Choosing Investments for a Lifetime, Not the Next 20 Minutes
New York-based advisor Jonathan Satovsky explains how he steers clients toward investments that can weather market storms, rather than trying to catch yesterday’s hot trend. He also shares some views on funds he uses frequently.
Kate Stalter: Today, my guest is Jonathan Satovsky of Satovsky Asset Management. Jonathan, you and I have spoken before, and one of the aspects that I found very interesting was your idea that clients should have the spending target of 3% of their portfolio. So in other words, they don’t need to count on some kind of outsized returns that may be hard to get in these volatile markets that we have been experiencing lately.
Can you start out by discussing how you are managing client portfolios in these market conditions?
Jonathan Satovsky: I think that the concept of a 3% spend rate is prevailing not just in these times, but generally speaking, for several reasons.
One is longevity risk, which is something that has become a much greater issue, and has been clearly part of the fiscal problems in the country. When life expectancy was 67, it was very easy to retire at 65. But now with life expectancy going to 83 to 87 or beyond, life expectancy is a very big issue.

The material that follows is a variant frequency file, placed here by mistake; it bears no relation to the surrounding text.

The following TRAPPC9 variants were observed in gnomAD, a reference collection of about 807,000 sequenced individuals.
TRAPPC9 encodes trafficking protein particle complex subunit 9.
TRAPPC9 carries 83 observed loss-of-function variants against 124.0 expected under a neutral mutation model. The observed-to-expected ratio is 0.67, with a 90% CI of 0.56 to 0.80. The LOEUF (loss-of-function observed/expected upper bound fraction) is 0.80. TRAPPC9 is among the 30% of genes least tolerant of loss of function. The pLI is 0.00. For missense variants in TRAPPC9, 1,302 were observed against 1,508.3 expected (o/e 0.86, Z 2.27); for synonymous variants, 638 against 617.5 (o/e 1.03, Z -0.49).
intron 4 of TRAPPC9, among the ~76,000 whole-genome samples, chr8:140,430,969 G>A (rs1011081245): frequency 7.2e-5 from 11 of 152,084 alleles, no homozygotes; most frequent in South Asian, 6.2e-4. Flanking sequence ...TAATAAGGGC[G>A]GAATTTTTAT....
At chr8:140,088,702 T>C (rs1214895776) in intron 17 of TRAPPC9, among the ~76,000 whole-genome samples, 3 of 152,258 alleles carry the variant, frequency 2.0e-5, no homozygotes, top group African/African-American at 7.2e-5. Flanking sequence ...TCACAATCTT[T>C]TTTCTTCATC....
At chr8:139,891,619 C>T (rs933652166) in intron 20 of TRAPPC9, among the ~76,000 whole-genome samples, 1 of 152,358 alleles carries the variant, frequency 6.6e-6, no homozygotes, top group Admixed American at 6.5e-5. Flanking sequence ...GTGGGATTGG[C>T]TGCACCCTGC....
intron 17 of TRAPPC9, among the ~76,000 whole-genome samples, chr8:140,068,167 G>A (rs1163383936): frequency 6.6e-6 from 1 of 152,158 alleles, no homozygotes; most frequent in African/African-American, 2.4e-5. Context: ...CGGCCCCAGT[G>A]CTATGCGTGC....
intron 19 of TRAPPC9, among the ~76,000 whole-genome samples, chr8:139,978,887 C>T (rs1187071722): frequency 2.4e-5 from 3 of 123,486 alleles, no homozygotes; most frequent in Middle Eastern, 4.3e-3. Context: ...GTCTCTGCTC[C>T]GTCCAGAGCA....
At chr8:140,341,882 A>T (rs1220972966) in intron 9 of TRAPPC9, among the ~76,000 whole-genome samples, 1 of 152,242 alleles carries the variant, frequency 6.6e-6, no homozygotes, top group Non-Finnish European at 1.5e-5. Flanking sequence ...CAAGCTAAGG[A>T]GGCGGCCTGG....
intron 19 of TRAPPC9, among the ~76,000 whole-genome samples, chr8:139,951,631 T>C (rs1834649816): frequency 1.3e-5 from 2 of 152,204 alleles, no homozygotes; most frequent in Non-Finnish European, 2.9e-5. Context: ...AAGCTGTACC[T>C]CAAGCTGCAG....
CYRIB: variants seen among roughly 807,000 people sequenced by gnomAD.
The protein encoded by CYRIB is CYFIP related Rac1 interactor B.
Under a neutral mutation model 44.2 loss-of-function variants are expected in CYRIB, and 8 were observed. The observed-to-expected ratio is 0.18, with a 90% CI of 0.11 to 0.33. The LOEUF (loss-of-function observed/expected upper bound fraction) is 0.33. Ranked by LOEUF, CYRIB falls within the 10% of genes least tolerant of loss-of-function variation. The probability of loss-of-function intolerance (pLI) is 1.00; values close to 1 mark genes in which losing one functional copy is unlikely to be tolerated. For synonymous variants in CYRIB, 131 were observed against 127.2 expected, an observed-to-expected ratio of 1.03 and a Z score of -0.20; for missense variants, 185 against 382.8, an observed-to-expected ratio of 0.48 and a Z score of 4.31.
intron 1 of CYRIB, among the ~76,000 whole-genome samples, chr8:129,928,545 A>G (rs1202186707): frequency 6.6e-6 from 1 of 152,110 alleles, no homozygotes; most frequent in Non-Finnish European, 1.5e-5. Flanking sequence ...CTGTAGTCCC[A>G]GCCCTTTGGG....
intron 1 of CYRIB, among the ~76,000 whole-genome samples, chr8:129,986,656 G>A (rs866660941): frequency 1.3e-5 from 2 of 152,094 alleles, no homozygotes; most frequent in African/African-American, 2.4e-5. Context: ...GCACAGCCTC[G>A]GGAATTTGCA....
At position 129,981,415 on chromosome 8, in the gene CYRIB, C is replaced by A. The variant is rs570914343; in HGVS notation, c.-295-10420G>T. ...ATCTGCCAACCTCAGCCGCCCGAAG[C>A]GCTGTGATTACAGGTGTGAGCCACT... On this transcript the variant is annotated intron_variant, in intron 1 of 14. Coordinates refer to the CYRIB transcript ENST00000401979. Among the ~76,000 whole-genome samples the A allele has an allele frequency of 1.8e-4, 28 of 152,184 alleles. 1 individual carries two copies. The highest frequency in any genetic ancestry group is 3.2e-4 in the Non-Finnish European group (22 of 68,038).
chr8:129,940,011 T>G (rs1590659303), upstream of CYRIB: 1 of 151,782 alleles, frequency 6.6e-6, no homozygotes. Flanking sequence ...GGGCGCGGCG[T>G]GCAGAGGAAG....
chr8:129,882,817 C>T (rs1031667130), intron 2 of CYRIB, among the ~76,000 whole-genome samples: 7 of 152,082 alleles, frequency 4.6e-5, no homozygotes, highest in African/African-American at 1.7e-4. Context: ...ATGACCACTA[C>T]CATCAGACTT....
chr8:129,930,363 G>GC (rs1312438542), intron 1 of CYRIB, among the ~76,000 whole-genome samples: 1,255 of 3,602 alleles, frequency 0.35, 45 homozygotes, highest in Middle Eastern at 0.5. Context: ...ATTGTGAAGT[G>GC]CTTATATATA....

The second thing is: Spending rates tend to drift up in retirement beyond what people expect, because people like to travel, people have higher health-care expenses than they can factor in a normal budget.
Dealing with budgeting in people’s lives is one of the least fun, least favorable things that I think people enjoy talking about, because every year it’s like asking for forgiveness. “Well, this year I had an extra trip,” or, “This year I had something go wrong with my house,” or, “This year I had this.” There is always an excuse of why they blew their budget.
But going back to the simple idea of a 3% spend rate, it enables people to have a sustainable portfolio to insulate them from inflation and taxes over a long period of time, and deal with boom and bust cycles without having to get caught up in the behavioral risk that becomes exponentially more prevalent in times like this.
Kate Stalter: Let’s talk a little bit about some of the specifics.